Coming back to the content, I cant really read the introduction as in my copy it is, together with the books table of content in Dutch. Only from the first chapter on it is written in English, don’t know why.
Anyway, the story starts with the first CIAM congress in La Sarraz, June 1928. From there the forming of the CIAM in relation to other movements of the time is described. It all begins with a chaotic struggle to hold the opposition and find a position. In fact the book show and highlights through out the story that in fact the struggle was part of the CIAM. Things where always rushed and different opinions made it difficult for the group to unfold their impact. But one of the first actual manifestations of the CIAM ideas is probably the “Siedlung am Weissenhof” der Werkbundausstellung Studgart in 1927. The CIAM went through phases, starting from the public housing (Weissenhof) and working through different steps to the urban structure and implied a methodological link between the smallest and the largest spatial unit: the house unit and the city. This led to the catchy triad ‘home-neighborhood-city’(Somer)
In this sense the focus city has grown. This makes sense as the members where all architects and the discipline of urban planner and urban designer was only just invented.
The book is structured into five steps ordered as topics of content and objectives of the group. This is as mentioned before from public housing to urban planning, but on the other hand from CIAM the working group to the limits of collectivity.
In a sense the struggle with cooperation and compromises is the line that runs through the book. Along this the different developments on theorization of urban planning, especially in chapter four “Comparative Urban Planning”, is developed. That the actual representation, mapping, cartography and visual statistics where actual topics of the CIAM was new to me. This is beautifully illustrated with plans and drawings from CIAM members.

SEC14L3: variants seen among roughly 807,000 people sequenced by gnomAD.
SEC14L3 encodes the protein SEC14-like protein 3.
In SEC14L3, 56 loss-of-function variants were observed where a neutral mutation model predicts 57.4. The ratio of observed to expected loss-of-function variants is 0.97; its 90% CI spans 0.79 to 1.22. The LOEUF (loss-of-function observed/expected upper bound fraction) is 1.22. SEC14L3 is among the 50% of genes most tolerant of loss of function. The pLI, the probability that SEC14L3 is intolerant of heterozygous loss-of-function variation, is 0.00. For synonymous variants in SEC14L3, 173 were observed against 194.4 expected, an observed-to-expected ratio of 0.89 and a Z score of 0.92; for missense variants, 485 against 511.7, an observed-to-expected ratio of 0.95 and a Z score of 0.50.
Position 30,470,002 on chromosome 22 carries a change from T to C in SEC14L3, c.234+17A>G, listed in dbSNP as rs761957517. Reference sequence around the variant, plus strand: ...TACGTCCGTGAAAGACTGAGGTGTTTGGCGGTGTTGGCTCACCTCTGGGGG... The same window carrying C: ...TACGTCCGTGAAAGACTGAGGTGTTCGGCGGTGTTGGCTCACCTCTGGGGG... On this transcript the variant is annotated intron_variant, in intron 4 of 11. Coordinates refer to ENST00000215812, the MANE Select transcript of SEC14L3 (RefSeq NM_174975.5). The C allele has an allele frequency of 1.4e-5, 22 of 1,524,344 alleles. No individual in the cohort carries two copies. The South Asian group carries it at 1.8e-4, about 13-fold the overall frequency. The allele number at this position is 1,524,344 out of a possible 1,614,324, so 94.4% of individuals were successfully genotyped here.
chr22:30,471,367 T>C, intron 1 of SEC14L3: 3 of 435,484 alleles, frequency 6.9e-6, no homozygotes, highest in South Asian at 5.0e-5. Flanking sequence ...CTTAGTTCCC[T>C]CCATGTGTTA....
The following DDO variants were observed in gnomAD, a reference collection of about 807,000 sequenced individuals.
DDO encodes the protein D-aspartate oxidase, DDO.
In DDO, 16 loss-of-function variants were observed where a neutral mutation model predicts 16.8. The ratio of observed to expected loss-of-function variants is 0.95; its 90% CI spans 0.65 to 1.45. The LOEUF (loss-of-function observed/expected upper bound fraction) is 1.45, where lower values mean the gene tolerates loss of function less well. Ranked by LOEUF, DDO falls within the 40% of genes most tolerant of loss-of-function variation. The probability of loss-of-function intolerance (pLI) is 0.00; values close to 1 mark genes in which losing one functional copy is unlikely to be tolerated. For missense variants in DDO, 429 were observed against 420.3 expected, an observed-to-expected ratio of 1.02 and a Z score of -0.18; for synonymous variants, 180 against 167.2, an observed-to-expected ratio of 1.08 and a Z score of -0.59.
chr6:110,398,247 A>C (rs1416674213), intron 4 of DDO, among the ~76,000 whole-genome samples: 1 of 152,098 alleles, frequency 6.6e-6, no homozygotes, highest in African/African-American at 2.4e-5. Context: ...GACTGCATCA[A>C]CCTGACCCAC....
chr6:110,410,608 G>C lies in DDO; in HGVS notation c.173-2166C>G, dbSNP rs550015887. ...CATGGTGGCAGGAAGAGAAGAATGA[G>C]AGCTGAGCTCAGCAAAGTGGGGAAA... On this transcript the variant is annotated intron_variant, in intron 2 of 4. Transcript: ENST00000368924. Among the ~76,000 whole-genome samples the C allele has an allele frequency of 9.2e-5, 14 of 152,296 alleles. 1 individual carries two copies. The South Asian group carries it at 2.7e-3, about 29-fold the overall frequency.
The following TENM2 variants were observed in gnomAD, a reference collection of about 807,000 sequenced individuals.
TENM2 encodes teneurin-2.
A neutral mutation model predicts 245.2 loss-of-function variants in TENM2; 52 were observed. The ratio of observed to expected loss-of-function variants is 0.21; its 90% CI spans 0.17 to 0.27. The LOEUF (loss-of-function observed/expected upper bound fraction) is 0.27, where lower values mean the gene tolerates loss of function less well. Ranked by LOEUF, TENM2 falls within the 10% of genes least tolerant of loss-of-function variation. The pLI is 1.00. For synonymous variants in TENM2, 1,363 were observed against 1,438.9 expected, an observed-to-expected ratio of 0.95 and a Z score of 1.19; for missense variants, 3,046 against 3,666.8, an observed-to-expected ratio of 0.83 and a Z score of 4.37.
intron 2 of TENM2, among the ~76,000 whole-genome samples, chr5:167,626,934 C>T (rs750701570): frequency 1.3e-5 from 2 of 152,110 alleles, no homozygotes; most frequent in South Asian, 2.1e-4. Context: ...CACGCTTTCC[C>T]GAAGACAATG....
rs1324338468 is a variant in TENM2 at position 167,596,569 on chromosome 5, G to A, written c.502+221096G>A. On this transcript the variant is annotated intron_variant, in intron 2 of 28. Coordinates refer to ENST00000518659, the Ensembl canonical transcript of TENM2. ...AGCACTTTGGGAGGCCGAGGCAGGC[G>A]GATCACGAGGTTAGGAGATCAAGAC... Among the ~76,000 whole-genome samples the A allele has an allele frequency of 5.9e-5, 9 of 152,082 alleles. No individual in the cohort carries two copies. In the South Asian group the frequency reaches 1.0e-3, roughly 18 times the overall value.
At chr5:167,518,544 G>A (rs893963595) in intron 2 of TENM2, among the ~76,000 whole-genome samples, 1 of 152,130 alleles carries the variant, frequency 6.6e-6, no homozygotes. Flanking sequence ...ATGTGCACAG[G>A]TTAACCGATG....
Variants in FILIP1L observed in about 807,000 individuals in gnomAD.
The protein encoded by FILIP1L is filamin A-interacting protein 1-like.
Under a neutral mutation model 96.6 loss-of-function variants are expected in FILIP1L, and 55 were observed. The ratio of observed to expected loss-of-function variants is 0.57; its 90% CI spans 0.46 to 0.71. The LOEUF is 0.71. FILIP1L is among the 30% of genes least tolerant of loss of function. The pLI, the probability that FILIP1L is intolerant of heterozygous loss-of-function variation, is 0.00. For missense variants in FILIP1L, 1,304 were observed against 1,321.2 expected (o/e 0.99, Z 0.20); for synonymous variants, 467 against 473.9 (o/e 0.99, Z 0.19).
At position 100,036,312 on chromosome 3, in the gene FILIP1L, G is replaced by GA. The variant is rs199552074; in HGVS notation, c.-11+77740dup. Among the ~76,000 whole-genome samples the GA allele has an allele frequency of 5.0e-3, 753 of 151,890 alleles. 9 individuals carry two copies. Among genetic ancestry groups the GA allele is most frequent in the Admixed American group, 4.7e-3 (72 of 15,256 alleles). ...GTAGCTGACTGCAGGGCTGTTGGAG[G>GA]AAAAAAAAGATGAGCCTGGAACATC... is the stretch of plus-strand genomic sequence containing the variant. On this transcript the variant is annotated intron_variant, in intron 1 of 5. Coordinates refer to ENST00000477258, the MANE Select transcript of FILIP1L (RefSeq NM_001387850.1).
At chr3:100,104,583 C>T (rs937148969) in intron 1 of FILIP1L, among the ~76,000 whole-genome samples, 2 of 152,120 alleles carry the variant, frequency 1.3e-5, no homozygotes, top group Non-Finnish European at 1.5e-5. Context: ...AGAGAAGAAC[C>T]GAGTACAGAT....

The term functional city is part of this “newly develop” approach and consists of four topic. The simple division between the group of housing, recreation, work and traffic. “The structure reflected the situation of scientific urban planning at that moment. ... This modern vision of urban planning was based on the insight hat the most important aspects of social life could be summed up in a nutshell as housing, work and recreation, all linked by traffic” (Van der Would (1983), p 131)
throughs out the book photographs are used as documentation and evidence of activities and persons. This has a beautiful side effect, it illustrates through the course of the book how the members grow old. Not in a voyeuristic sense, but in a more natural sense. This give the course of the CIAM as a movement even more weight in terms of its development and achievement. The young founding members feature on page 18, including Le Corbusier and have visually aged on page 227, Le Corbusier and Cornelius van Eesteren.
This beautiful human portrait makes it a great read beside all the historic facts it redraws the course of drama with real characters.

Somer, K., Van, E.&.V.L.S. & Amsterdam, (., 2007. The Functional City: The CIAM and Cornelis Van Eesteren, 1928-1960, Rotterdam: NAi Publishers.